With news headlines shouting about economic uncertainty, recession, job losses and the like, it’s clear that the UK needs to brace itself for challenging times ahead. Businesses will need all hands on deck, working harder and smarter than ever before – coasting and presenteeism just won’t cut it. From the CEO to entry level roles, everyone will need to focus on finding and capitalising on opportunities to keep their organisations afloat.
Businesses often look to HR to help manage culture – to define, set and implement it. HR are expected to drive top/down culture changes by influencing senior leadership teams, and embed culture bottom/up through smart hiring decisions and rewarding valued behaviours.
So, what are the characteristics that HR will want to recruit for and promote, to strengthen their culture and therefore their businesses going forward?
People with the following attributes will be increasingly valuable in the workplace.
Being entrepreneurial, at its heart, is about attitude. It’s approaching work with the desire to solve and overcome problems, to look at things creatively, and have the courage to strike out in new directions.
Entrepreneurial employees will generally be high energy, resilient workers, ready to challenge the status quo. Channelled into the right projects, and complemented with the right team members, an entrepreneur’s energy and enthusiasm can be a real asset.
HR can help by making sure their business gives entrepreneurs the freedom and resources they need to succeed; for example, championing assigning budgets and head count to new ideas, and providing forums where these ideas can be put forward. HR can also educate managers on how best to motivate this type of worker – entrepreneurs tend to need a lot of flexibility and autonomy to be happy in their work, and this can be challenging for linear hierarchies and traditional management styles.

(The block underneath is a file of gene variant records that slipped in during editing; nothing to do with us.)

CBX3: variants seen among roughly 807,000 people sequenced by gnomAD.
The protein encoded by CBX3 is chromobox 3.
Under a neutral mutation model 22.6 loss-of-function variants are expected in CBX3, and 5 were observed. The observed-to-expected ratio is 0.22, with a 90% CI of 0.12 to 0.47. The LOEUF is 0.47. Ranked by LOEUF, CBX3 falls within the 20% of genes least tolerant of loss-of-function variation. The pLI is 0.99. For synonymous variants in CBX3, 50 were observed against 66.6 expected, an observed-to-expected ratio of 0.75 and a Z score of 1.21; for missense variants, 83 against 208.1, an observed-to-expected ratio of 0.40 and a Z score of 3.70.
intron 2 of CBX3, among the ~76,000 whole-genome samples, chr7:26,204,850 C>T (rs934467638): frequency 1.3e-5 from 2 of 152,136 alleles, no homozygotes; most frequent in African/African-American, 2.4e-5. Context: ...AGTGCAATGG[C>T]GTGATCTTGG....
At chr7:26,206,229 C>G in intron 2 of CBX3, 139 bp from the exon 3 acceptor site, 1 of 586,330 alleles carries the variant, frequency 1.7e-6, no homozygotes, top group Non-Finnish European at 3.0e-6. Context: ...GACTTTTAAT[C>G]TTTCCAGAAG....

A patient, analytical mind is invaluable in finding solutions that others might miss. Like an auditor who checks nothing has slipped between the cracks, someone who is naturally analytical can help squeeze the most out of current and potential opportunities.
To work effectively, an analytical person relies on evidence and measurement tools. Businesses that haven’t previously invested in this area, or that have a history of secrecy around key insights, might want to reconsider their approach so their analytical employees are able to work more effectively.
Through talent mapping, HR can make sure their organisation has a good spread of analytical skills across the workforce. HR can also help by promoting secondments, moving analytical skills to where they’re most urgently needed in the business. Sometimes it might simply be a case of matching a one-off problem with the right problem solver – HR, with their knowledge of the workforce is well placed to do this, too.
Inspirational people raise the energy of everyone around them, inspiring people to perform better. They do this by setting the bar high with their own achievements and encourage others to do the same through a sense of comradery (and healthy competition). Having a culture where people are regularly inspired is important for driving innovation and hard work.
Inspiring or being inspired by others is harder when people aren’t in direct contact with each other – for some people who have recently been working from home, not having others physically close by has had a notable negative effect on mood and energy levels.
HR can remind managers, and indeed the whole workforce via internal comms how important it is to act as inspiration for each other – and they can then help share inspirational stories on. HR can also look at their workforce to check they have people with that je ne sais quoi that makes someone inspiring. If their workforce is lacking in this area, it’s an opportunity for HR to look out for this attribute more keenly in the hiring process.
To find opportunity in adversity, your workforce needs to embrace this ethos and find the energy to sustain it. As custodians of talent, HR are at the forefront in ensuring their business has what it takes to survive during difficult economic times.